The board resumed in-person meetings in the spring, but those meetings have remained closed to the public and viewable only via livestream.
That’s led Latinos Unidos Siempre members to stage protests in the parking lot outside, banging on the windows, playing music and blowing air horns. The group is seeking statements from board leadership condemning white supremacy in Salem, as well as a commitment that money once spent on police officers in schools will be reinvested in mental health supports for students of color.
At a June 15 meeting, the outgoing board voted 5-2 to establish a “free speech zone” limiting where protests could take place outside the boardroom. Chandragiri proposed the change to prevent protests from disrupting meetings.
Avila said the situation reflected a breakdown in trust and communication.
“I think they’ve escalated the situation by not addressing public comment,” he said of the previous board. “We’re still not listening to the groups, we’re still not listening to families. We’re just going to push them away further and say, ‘Here, we provided you a space to protest,’ but they’re not really being heard. That’s not healthy. That’s not building bridges.”
The board hasn’t yet made plans to resume fully in-person meetings open to the public, but that’s likely to be a topic of discussion at Tuesday’s meeting.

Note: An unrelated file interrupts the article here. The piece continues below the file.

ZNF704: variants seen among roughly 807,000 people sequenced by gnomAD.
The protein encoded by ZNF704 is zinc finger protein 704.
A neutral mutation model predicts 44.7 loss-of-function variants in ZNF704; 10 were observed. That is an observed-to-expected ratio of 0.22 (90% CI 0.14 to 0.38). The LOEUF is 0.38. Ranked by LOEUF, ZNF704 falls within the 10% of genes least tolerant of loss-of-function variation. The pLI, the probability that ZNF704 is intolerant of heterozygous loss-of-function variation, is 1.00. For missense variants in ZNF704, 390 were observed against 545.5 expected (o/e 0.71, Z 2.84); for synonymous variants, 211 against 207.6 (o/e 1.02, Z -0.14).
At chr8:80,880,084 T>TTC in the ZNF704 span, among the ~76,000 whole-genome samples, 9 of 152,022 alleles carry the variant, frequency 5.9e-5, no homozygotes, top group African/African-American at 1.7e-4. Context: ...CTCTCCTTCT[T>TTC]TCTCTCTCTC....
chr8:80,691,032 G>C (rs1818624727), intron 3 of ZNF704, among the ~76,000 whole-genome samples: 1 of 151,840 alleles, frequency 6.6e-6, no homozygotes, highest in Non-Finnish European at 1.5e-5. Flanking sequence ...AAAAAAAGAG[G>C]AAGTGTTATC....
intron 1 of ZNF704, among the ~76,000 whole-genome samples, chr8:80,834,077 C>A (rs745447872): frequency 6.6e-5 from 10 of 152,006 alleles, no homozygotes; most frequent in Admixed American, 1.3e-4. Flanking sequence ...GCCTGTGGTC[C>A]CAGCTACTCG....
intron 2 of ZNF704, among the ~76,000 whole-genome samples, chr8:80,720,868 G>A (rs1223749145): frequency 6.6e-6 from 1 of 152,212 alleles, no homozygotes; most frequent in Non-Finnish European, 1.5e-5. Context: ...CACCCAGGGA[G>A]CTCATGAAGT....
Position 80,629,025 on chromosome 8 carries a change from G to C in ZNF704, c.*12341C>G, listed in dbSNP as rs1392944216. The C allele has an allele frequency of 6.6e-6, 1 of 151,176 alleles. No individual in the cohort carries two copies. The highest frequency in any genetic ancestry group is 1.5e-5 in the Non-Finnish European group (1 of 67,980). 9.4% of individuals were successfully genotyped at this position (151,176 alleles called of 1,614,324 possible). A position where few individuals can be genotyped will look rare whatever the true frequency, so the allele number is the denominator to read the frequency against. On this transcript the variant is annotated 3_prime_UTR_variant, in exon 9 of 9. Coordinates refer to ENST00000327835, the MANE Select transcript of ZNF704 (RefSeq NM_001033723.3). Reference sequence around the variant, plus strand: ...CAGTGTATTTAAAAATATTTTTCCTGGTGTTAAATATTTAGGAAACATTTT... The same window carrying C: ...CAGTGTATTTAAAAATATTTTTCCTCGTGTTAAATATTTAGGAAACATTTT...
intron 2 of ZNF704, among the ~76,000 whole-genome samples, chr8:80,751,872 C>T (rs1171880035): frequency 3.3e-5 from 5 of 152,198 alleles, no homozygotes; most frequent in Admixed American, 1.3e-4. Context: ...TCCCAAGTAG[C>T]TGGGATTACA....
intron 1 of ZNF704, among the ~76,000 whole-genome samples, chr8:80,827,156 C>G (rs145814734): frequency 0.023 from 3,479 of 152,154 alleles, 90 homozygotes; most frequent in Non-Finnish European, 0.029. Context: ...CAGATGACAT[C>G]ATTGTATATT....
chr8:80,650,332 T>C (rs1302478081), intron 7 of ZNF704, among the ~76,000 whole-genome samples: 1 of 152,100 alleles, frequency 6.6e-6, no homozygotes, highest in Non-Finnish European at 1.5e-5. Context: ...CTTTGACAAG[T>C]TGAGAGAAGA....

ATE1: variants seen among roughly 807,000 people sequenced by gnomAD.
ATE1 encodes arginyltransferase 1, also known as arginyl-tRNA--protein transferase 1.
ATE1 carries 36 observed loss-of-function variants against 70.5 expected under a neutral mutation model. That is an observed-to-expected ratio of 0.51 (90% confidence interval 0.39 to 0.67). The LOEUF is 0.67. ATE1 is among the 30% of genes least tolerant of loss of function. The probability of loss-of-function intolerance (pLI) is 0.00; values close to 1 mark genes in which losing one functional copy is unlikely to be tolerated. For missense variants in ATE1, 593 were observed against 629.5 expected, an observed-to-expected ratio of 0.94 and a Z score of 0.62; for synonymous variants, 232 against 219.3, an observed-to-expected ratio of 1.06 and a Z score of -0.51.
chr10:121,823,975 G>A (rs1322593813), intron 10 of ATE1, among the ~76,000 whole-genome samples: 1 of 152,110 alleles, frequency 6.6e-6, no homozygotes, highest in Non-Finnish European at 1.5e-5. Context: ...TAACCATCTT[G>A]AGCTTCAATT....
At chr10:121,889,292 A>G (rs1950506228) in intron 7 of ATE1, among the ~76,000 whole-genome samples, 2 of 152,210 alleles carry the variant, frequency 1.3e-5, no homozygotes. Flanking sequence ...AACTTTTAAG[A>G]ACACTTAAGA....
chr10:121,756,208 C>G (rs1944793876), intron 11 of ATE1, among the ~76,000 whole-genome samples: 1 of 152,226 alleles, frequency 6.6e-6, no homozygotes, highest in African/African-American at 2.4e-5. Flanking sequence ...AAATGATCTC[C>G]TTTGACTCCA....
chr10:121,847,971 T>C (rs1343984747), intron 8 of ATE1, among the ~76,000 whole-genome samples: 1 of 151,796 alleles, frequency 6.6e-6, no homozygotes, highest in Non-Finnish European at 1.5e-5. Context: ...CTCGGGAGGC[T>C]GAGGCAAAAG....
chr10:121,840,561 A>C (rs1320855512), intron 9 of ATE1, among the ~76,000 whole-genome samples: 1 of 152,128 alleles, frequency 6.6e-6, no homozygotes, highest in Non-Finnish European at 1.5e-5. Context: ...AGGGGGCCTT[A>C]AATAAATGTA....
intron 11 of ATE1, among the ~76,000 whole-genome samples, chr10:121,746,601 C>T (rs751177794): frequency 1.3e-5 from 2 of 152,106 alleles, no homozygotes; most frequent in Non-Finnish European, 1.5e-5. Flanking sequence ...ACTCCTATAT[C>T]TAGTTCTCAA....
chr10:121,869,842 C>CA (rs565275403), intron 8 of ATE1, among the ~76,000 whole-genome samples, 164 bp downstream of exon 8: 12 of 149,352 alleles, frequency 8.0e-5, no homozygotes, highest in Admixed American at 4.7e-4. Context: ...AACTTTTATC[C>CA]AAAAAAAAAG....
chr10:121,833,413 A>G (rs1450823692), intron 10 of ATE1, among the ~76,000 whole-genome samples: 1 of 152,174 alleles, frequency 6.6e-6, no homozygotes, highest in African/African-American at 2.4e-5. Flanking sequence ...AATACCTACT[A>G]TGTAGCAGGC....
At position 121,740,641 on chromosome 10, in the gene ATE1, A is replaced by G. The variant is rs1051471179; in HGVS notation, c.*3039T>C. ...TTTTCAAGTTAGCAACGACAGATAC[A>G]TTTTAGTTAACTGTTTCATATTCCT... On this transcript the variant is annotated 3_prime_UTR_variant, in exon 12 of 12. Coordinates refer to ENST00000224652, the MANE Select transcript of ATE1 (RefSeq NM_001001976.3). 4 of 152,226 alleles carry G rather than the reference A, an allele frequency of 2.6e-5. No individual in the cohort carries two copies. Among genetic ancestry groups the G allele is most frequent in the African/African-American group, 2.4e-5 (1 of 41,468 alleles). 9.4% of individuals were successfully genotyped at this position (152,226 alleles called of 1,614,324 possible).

Addressing gaps in graduation rates for marginalized students is another priority.
While the district’s overall graduation rate has climbed in recent years and sat at 81% in 2020, there remain large gaps among certain groups of students.
Black, Native American and Pacific Islander students, students with disabilities, homeless students and students who aren’t fluent in English by high school graduate at far lower rates than the district average, despite recent improvements.
“I think it's a combination of not engaging our students and also driving them away through disproportionate discipline,” Avila said of the gaps. District data shows Black, Latino, Native American and Pacific Islander students are more likely to be suspended and expelled than their white and Asian peers.
Graduate Alexis Garcia's decorated cap, during the the Early College High School and Roberts Teen Parent Program combined graduation ceremony at Sprague High School on Thursday, August 6. (Amanda Loman/Salem Reporter)